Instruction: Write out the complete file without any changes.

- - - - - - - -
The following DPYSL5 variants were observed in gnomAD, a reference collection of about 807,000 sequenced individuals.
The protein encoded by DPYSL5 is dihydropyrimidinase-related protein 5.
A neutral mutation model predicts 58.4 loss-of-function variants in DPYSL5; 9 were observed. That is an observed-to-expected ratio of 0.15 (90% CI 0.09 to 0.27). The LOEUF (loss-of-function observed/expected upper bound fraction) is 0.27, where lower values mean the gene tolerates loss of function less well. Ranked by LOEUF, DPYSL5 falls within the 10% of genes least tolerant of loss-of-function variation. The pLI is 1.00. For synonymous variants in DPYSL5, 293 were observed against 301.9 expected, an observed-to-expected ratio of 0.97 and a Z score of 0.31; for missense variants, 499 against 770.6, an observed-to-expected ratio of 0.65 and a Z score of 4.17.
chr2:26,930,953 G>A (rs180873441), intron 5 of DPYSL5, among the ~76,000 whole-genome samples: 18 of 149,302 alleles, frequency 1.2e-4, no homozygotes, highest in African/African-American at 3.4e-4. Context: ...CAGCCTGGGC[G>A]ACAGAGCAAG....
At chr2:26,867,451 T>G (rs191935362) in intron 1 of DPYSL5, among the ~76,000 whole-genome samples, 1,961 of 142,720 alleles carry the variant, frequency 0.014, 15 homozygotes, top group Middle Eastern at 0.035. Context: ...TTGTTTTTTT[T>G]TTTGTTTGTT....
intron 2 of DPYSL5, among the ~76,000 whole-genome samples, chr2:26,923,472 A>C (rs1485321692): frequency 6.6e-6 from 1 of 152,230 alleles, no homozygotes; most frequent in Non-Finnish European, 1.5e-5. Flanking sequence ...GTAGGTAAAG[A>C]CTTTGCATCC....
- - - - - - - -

The following DPYSL5 variants were observed in gnomAD, a reference collection of about 807,000 sequenced individuals.
The protein encoded by DPYSL5 is dihydropyrimidinase-related protein 5.
A neutral mutation model predicts 58.4 loss-of-function variants in DPYSL5; 9 were observed. That is an observed-to-expected ratio of 0.15 (90% CI 0.09 to 0.27). The LOEUF (loss-of-function observed/expected upper bound fraction) is 0.27, where lower values mean the gene tolerates loss of function less well. Ranked by LOEUF, DPYSL5 falls within the 10% of genes least tolerant of loss-of-function variation. The pLI is 1.00. For synonymous variants in DPYSL5, 293 were observed against 301.9 expected, an observed-to-expected ratio of 0.97 and a Z score of 0.31; for missense variants, 499 against 770.6, an observed-to-expected ratio of 0.65 and a Z score of 4.17.
chr2:26,930,953 G>A (rs180873441), intron 5 of DPYSL5, among the ~76,000 whole-genome samples: 18 of 149,302 alleles, frequency 1.2e-4, no homozygotes, highest in African/African-American at 3.4e-4. Context: ...CAGCCTGGGC[G>A]ACAGAGCAAG....
At chr2:26,867,451 T>G (rs191935362) in intron 1 of DPYSL5, among the ~76,000 whole-genome samples, 1,961 of 142,720 alleles carry the variant, frequency 0.014, 15 homozygotes, top group Middle Eastern at 0.035. Context: ...TTGTTTTTTT[T>G]TTTGTTTGTT....
intron 2 of DPYSL5, among the ~76,000 whole-genome samples, chr2:26,923,472 A>C (rs1485321692): frequency 6.6e-6 from 1 of 152,230 alleles, no homozygotes; most frequent in Non-Finnish European, 1.5e-5. Flanking sequence ...GTAGGTAAAG[A>C]CTTTGCATCC....